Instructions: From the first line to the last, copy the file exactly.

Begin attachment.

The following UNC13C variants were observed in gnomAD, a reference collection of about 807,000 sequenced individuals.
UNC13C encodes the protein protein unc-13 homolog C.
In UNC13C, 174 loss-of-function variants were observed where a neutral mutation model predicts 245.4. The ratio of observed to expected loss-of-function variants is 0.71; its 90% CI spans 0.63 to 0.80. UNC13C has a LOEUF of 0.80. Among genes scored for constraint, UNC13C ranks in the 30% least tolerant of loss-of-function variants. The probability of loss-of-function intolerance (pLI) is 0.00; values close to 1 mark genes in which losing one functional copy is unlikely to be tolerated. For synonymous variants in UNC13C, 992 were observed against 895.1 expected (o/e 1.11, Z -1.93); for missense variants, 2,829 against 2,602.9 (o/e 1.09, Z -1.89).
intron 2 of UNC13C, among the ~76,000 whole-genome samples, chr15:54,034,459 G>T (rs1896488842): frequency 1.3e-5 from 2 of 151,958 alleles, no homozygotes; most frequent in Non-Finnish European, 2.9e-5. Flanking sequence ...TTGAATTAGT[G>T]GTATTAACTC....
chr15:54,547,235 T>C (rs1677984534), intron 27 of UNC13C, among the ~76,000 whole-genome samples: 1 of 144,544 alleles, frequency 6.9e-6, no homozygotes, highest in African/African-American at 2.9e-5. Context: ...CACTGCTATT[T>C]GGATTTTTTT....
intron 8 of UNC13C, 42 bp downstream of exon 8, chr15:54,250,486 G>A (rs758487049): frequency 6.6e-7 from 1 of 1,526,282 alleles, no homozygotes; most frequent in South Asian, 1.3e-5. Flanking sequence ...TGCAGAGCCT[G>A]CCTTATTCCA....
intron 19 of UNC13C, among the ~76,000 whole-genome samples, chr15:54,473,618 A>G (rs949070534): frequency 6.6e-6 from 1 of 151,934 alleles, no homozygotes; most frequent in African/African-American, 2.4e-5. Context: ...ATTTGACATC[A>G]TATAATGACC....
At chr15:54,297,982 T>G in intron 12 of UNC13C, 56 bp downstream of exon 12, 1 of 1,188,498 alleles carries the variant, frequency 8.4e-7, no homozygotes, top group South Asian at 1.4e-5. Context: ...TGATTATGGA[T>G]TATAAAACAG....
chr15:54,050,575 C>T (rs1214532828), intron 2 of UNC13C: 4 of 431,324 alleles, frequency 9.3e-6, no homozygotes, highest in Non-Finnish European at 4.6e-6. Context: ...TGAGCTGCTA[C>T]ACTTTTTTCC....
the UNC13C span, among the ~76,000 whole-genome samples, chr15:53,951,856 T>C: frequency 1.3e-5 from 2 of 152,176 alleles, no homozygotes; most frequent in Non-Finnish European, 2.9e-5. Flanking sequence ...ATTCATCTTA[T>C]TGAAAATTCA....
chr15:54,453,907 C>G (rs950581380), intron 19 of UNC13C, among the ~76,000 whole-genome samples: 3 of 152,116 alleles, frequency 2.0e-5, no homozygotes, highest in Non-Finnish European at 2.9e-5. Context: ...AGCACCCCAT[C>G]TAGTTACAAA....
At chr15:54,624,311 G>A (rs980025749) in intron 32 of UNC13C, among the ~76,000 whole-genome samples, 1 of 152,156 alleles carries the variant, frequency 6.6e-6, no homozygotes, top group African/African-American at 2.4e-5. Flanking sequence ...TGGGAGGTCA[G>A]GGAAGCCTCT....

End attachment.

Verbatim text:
The following UNC13C variants were observed in gnomAD, a reference collection of about 807,000 sequenced individuals.
UNC13C encodes the protein protein unc-13 homolog C.
In UNC13C, 174 loss-of-function variants were observed where a neutral mutation model predicts 245.4. The ratio of observed to expected loss-of-function variants is 0.71; its 90% CI spans 0.63 to 0.80. UNC13C has a LOEUF of 0.80. Among genes scored for constraint, UNC13C ranks in the 30% least tolerant of loss-of-function variants. The probability of loss-of-function intolerance (pLI) is 0.00; values close to 1 mark genes in which losing one functional copy is unlikely to be tolerated. For synonymous variants in UNC13C, 992 were observed against 895.1 expected (o/e 1.11, Z -1.93); for missense variants, 2,829 against 2,602.9 (o/e 1.09, Z -1.89).
intron 2 of UNC13C, among the ~76,000 whole-genome samples, chr15:54,034,459 G>T (rs1896488842): frequency 1.3e-5 from 2 of 151,958 alleles, no homozygotes; most frequent in Non-Finnish European, 2.9e-5. Flanking sequence ...TTGAATTAGT[G>T]GTATTAACTC....
chr15:54,547,235 T>C (rs1677984534), intron 27 of UNC13C, among the ~76,000 whole-genome samples: 1 of 144,544 alleles, frequency 6.9e-6, no homozygotes, highest in African/African-American at 2.9e-5. Context: ...CACTGCTATT[T>C]GGATTTTTTT....
intron 8 of UNC13C, 42 bp downstream of exon 8, chr15:54,250,486 G>A (rs758487049): frequency 6.6e-7 from 1 of 1,526,282 alleles, no homozygotes; most frequent in South Asian, 1.3e-5. Flanking sequence ...TGCAGAGCCT[G>A]CCTTATTCCA....
intron 19 of UNC13C, among the ~76,000 whole-genome samples, chr15:54,473,618 A>G (rs949070534): frequency 6.6e-6 from 1 of 151,934 alleles, no homozygotes; most frequent in African/African-American, 2.4e-5. Context: ...ATTTGACATC[A>G]TATAATGACC....
At chr15:54,297,982 T>G in intron 12 of UNC13C, 56 bp downstream of exon 12, 1 of 1,188,498 alleles carries the variant, frequency 8.4e-7, no homozygotes, top group South Asian at 1.4e-5. Context: ...TGATTATGGA[T>G]TATAAAACAG....
chr15:54,050,575 C>T (rs1214532828), intron 2 of UNC13C: 4 of 431,324 alleles, frequency 9.3e-6, no homozygotes, highest in Non-Finnish European at 4.6e-6. Context: ...TGAGCTGCTA[C>T]ACTTTTTTCC....
the UNC13C span, among the ~76,000 whole-genome samples, chr15:53,951,856 T>C: frequency 1.3e-5 from 2 of 152,176 alleles, no homozygotes; most frequent in Non-Finnish European, 2.9e-5. Flanking sequence ...ATTCATCTTA[T>C]TGAAAATTCA....
chr15:54,453,907 C>G (rs950581380), intron 19 of UNC13C, among the ~76,000 whole-genome samples: 3 of 152,116 alleles, frequency 2.0e-5, no homozygotes, highest in Non-Finnish European at 2.9e-5. Context: ...AGCACCCCAT[C>G]TAGTTACAAA....
At chr15:54,624,311 G>A (rs980025749) in intron 32 of UNC13C, among the ~76,000 whole-genome samples, 1 of 152,156 alleles carries the variant, frequency 6.6e-6, no homozygotes, top group African/African-American at 2.4e-5. Flanking sequence ...TGGGAGGTCA[G>A]GGAAGCCTCT....